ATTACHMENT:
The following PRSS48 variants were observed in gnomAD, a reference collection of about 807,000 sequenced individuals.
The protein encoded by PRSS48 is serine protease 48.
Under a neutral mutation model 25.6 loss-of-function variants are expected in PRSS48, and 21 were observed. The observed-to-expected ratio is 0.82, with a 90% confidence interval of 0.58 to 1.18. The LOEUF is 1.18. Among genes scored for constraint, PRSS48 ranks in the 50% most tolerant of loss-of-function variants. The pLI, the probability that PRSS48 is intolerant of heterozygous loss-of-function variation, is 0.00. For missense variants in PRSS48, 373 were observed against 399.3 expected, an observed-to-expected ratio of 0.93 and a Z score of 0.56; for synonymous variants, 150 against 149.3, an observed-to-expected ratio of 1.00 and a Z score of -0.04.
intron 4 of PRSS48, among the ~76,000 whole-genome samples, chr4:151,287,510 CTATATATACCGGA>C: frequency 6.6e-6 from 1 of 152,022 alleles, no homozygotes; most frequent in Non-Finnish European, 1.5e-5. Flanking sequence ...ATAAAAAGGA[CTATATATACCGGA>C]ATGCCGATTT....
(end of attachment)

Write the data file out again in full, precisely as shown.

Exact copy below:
The following PRSS48 variants were observed in gnomAD, a reference collection of about 807,000 sequenced individuals.
The protein encoded by PRSS48 is serine protease 48.
Under a neutral mutation model 25.6 loss-of-function variants are expected in PRSS48, and 21 were observed. The observed-to-expected ratio is 0.82, with a 90% confidence interval of 0.58 to 1.18. The LOEUF is 1.18. Among genes scored for constraint, PRSS48 ranks in the 50% most tolerant of loss-of-function variants. The pLI, the probability that PRSS48 is intolerant of heterozygous loss-of-function variation, is 0.00. For missense variants in PRSS48, 373 were observed against 399.3 expected, an observed-to-expected ratio of 0.93 and a Z score of 0.56; for synonymous variants, 150 against 149.3, an observed-to-expected ratio of 1.00 and a Z score of -0.04.
intron 4 of PRSS48, among the ~76,000 whole-genome samples, chr4:151,287,510 CTATATATACCGGA>C: frequency 6.6e-6 from 1 of 152,022 alleles, no homozygotes; most frequent in Non-Finnish European, 1.5e-5. Flanking sequence ...ATAAAAAGGA[CTATATATACCGGA>C]ATGCCGATTT....